Along with an increase of goodwill, the holidays often usher in an elevated level of anxiety. This year, take steps to create a season filled with more merry and less stress.
Illustration by Liz Adams
Let’s be honest, the hustle and bustle of the holidays can feel more like an all-out assault of unrealistic expectations rather than a season filled with tidings of comfort and joy. In our quietest moments we may even experience a feeling of dread as we flip the calendar one month closer to the chaos. Thankfully, the added pressure is offset by a spirit of appreciation and generosity — seen daily in the form of thoughtful notes, small gifts, and kind words from clients.
Every year, we do our best to prepare for the holidays, taking small steps to avoid the onslaught of demands. Inevitably, it all falls to pieces, and we’re left in an exhausted heap, nursing a cold and hoping we can squeeze our clients in and still have time left over to get ourselves cleaned up and dressed in time for family dinner.
This year, try a new approach: Embrace the stress. It’s all part of a season that brings with it the best of both worlds — the swirl of activity and the comfort of simplicity. Acknowledging the unavoidable tension changes your expectations, the first of seven steps you can take to reduce this year’s holiday stress.
Change your expectations. Stress is often viewed as a by-product of unmet expectations. `Think about it: You expect your client to arrive on time, but when she walks in 10-15 minutes late, you get stressed because it throws off the rest of your day. You expect your supplier to have product on hand, so you become stressed when you’re told supplies you need are on back order.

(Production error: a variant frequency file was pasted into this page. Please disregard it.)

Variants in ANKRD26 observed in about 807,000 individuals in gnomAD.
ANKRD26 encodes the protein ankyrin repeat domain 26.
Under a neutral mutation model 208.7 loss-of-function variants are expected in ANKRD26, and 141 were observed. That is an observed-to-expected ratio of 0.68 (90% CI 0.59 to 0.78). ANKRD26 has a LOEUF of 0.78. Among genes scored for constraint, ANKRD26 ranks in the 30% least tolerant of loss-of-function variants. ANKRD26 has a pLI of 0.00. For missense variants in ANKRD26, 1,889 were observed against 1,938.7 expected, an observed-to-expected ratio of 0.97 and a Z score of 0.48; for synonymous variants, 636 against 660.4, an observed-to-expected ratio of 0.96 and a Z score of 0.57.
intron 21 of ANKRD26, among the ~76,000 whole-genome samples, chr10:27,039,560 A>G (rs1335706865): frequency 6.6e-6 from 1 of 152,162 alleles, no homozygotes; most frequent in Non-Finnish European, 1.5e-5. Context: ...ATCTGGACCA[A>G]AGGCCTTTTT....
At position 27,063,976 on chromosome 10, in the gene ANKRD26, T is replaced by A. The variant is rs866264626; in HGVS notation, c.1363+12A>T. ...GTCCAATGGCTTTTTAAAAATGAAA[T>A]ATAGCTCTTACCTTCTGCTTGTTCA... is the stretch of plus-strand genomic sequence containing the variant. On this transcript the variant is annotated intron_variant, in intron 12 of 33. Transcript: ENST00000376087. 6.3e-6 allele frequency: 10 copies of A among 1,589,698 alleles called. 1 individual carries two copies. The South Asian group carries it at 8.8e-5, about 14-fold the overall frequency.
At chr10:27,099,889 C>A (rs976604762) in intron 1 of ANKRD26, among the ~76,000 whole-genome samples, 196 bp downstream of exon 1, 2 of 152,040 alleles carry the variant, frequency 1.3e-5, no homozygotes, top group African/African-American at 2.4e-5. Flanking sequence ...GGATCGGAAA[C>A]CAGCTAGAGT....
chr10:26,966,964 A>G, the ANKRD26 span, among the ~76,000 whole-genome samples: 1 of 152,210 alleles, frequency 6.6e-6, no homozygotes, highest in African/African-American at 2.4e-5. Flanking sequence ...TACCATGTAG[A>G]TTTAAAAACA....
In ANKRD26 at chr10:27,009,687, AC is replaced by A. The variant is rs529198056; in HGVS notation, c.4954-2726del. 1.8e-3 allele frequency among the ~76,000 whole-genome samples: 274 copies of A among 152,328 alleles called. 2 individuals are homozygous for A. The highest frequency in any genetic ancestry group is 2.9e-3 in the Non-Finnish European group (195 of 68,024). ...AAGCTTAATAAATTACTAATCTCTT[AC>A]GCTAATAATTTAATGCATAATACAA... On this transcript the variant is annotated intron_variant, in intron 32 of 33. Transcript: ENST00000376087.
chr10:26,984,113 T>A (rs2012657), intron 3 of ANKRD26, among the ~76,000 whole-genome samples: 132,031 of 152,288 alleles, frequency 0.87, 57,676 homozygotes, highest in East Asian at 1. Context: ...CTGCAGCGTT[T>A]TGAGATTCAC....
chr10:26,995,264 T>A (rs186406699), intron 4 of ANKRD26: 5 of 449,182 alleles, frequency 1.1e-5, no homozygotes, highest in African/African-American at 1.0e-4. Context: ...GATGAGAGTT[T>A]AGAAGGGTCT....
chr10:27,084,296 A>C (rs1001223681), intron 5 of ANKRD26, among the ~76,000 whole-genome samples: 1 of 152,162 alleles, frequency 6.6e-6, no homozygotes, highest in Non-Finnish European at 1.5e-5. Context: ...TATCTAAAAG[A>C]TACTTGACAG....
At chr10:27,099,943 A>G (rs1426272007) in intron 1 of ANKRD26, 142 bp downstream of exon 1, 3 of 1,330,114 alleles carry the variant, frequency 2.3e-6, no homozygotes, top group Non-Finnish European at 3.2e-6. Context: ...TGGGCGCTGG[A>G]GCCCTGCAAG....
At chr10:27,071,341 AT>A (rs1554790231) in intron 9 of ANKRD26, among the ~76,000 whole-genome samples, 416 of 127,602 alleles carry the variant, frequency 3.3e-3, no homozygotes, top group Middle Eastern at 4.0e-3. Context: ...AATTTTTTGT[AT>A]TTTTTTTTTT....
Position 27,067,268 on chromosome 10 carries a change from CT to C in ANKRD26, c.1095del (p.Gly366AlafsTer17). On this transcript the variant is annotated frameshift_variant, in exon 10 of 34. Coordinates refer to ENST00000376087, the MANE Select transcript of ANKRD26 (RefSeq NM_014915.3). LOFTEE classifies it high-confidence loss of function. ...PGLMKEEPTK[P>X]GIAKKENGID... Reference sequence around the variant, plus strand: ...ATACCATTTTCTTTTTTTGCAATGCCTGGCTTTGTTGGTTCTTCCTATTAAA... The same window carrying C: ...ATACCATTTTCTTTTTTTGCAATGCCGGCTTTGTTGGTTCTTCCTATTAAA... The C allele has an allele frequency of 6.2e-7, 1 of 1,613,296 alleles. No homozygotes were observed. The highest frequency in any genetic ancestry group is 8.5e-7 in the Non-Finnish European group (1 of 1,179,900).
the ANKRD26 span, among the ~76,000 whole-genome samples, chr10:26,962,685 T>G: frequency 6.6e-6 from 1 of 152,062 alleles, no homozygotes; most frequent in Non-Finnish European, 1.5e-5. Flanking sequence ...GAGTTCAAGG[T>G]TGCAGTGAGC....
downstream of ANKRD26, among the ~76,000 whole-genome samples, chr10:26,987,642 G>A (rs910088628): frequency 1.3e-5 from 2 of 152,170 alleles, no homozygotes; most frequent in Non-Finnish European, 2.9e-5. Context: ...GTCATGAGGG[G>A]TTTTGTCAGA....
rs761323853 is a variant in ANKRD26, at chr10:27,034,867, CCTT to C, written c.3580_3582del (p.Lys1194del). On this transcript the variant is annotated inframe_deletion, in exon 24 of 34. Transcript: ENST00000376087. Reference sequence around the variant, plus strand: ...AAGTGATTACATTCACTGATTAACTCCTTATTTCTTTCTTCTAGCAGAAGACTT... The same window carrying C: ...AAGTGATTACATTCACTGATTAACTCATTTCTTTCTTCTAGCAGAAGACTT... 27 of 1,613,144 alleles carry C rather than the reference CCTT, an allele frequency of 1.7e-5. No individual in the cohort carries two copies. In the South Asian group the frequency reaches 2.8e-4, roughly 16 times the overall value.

One way we can reduce stress is to change our expectations. Not in everything, of course, but let’s start with one big, unrealistic expectation: The holiday season will pass without getting hectic. That’s not going to happen. Between your schedule and the myriad of clients’ schedules that intersect with your own, you can bet a situation will develop that disrupts your whole day. You’ll be inconvenienced, forced to work longer hours, make an emergency supply run, spend more money than you had intended, etc. Make the inconvenience your expectation. That way, when it happens — and it will — you can respond with satisfaction at how clever you are for anticipating it rather than being stressed by a situation that takes you by surprise.
Create bumpers. A bumper is applied to take a hit and absorb the shock in order to avoid excessive damage. We need bumpers in our lives. You may have a different name for it, such as a “margin” or “space,” but ultimately, it’s the same idea — it’s time you’ve left free in your life so you have wiggle room for the unexpected. At every season in our life we should give ourselves a bumper to protect us from the crunch of the urgent, but especially at the holiday season.
“I make sure I block off time in my schedule far in advance,” says Laura Merzetti, a nail tech at Scratch My Back Nail Studio in Ajax, Ontario, Canada. “I know I’ll always need to run out to get something at the last minute, so I allow for that in my schedule.” Merzetti says this allows her to put her full attention on the needs of the clients without feeling stressed about where she’ll find the extra time. “It’s already built in,” says Merzetti. “Once I schedule it, I don’t change it!”
As a way of appreciating their top clients, The Spa at Traditions sends out holiday cards that include a gift toward any service.